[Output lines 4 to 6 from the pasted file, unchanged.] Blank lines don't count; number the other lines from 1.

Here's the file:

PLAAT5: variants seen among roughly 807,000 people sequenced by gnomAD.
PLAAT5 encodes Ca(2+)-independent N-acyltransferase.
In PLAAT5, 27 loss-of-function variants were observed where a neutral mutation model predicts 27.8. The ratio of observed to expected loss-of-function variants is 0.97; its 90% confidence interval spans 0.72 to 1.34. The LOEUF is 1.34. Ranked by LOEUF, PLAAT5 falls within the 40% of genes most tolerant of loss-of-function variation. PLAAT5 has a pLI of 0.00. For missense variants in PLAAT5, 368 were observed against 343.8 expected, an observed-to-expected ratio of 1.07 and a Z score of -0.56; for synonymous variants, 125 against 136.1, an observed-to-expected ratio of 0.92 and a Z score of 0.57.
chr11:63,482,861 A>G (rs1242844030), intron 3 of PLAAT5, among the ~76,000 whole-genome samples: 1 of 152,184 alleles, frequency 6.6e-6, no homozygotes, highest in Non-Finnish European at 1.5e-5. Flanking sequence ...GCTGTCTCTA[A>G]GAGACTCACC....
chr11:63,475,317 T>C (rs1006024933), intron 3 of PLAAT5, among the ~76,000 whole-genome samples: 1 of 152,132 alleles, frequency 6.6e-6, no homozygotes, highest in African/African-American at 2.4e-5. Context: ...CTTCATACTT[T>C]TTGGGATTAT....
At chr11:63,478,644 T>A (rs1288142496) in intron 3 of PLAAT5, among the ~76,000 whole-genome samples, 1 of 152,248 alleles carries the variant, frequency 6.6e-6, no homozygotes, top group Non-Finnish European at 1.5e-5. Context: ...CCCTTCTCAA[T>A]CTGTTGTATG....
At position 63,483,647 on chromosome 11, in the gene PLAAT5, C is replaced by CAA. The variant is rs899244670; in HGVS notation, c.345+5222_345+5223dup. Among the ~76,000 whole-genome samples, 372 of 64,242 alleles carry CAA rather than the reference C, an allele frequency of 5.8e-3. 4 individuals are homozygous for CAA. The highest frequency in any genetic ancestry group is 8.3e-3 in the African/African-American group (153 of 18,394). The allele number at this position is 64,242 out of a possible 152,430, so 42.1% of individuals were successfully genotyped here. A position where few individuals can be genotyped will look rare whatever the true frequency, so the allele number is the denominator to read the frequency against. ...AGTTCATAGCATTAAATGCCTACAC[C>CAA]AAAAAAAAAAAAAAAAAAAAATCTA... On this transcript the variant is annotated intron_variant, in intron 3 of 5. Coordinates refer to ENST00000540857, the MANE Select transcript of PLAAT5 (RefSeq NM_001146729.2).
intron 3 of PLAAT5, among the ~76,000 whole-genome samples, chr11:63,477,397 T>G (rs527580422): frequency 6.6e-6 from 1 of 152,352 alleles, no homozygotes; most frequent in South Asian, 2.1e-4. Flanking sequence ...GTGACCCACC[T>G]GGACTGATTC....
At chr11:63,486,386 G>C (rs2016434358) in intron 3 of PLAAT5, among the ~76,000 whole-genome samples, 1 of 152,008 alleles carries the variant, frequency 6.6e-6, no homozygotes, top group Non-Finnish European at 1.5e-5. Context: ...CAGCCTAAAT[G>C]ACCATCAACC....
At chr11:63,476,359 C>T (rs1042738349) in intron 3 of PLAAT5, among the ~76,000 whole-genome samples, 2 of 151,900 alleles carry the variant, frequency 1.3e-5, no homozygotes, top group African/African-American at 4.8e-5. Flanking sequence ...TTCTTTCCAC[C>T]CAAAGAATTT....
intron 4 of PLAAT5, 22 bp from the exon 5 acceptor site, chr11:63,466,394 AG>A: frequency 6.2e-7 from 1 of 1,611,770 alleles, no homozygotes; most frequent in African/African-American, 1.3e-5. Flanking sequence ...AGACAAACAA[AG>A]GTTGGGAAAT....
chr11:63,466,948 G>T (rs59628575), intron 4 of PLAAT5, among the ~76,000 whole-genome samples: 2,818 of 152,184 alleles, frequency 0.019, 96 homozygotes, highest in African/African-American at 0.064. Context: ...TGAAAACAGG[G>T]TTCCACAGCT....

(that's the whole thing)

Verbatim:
chr11:63,482,861 A>G (rs1242844030), intron 3 of PLAAT5, among the ~76,000 whole-genome samples: 1 of 152,184 alleles, frequency 6.6e-6, no homozygotes, highest in Non-Finnish European at 1.5e-5. Flanking sequence ...GCTGTCTCTA[A>G]GAGACTCACC....
chr11:63,475,317 T>C (rs1006024933), intron 3 of PLAAT5, among the ~76,000 whole-genome samples: 1 of 152,132 alleles, frequency 6.6e-6, no homozygotes, highest in African/African-American at 2.4e-5. Context: ...CTTCATACTT[T>C]TTGGGATTAT....
At chr11:63,478,644 T>A (rs1288142496) in intron 3 of PLAAT5, among the ~76,000 whole-genome samples, 1 of 152,248 alleles carries the variant, frequency 6.6e-6, no homozygotes, top group Non-Finnish European at 1.5e-5. Context: ...CCCTTCTCAA[T>A]CTGTTGTATG....